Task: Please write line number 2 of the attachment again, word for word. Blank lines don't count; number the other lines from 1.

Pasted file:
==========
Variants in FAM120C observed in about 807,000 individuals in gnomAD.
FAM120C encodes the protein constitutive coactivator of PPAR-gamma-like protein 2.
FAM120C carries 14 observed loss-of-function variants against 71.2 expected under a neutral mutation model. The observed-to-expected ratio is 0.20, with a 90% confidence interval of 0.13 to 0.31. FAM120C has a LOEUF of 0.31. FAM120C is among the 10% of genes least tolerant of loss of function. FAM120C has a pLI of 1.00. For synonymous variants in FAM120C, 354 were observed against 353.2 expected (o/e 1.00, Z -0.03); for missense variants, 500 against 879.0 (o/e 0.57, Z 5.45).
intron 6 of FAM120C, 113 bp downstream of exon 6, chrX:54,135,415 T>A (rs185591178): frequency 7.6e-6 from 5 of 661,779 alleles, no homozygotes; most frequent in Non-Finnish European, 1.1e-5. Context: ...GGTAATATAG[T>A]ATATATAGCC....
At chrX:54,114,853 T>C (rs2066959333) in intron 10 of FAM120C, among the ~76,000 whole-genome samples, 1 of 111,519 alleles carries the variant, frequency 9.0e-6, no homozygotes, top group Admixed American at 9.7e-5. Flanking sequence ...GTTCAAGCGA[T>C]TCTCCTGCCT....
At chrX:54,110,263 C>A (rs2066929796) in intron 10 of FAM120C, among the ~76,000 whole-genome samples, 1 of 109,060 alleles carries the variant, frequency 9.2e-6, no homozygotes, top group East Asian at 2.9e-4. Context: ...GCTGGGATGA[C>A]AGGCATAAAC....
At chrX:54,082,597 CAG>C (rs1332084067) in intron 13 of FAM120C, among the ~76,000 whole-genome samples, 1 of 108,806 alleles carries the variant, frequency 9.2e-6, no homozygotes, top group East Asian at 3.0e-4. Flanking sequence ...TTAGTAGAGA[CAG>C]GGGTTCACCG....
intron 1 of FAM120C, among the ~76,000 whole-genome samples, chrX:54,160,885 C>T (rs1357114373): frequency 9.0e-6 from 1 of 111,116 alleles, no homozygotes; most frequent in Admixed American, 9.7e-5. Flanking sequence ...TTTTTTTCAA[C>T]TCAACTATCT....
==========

FAM120C encodes the protein constitutive coactivator of PPAR-gamma-like protein 2.